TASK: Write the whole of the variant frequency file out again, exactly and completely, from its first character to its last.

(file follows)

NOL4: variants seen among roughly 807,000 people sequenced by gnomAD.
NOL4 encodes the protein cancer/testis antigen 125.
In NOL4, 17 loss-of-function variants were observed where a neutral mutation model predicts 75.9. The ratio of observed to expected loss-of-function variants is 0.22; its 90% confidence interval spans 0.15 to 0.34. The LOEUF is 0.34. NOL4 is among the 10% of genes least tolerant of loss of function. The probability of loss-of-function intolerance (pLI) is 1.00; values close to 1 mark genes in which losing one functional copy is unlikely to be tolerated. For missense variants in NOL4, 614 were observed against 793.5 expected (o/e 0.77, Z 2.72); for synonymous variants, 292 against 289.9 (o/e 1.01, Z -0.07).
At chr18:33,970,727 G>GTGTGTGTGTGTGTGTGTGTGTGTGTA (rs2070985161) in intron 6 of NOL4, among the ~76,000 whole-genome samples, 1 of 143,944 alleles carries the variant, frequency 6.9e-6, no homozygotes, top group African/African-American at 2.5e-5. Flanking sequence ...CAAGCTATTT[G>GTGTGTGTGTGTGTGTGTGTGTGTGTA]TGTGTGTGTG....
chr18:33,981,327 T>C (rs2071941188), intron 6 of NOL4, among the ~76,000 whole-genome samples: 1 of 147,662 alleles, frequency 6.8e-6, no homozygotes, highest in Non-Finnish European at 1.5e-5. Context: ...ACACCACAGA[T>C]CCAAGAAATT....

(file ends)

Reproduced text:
NOL4: variants seen among roughly 807,000 people sequenced by gnomAD.
NOL4 encodes the protein cancer/testis antigen 125.
In NOL4, 17 loss-of-function variants were observed where a neutral mutation model predicts 75.9. The ratio of observed to expected loss-of-function variants is 0.22; its 90% confidence interval spans 0.15 to 0.34. The LOEUF is 0.34. NOL4 is among the 10% of genes least tolerant of loss of function. The probability of loss-of-function intolerance (pLI) is 1.00; values close to 1 mark genes in which losing one functional copy is unlikely to be tolerated. For missense variants in NOL4, 614 were observed against 793.5 expected (o/e 0.77, Z 2.72); for synonymous variants, 292 against 289.9 (o/e 1.01, Z -0.07).
At chr18:33,970,727 G>GTGTGTGTGTGTGTGTGTGTGTGTGTA (rs2070985161) in intron 6 of NOL4, among the ~76,000 whole-genome samples, 1 of 143,944 alleles carries the variant, frequency 6.9e-6, no homozygotes, top group African/African-American at 2.5e-5. Flanking sequence ...CAAGCTATTT[G>GTGTGTGTGTGTGTGTGTGTGTGTGTA]TGTGTGTGTG....
chr18:33,981,327 T>C (rs2071941188), intron 6 of NOL4, among the ~76,000 whole-genome samples: 1 of 147,662 alleles, frequency 6.8e-6, no homozygotes, highest in Non-Finnish European at 1.5e-5. Context: ...ACACCACAGA[T>C]CCAAGAAATT....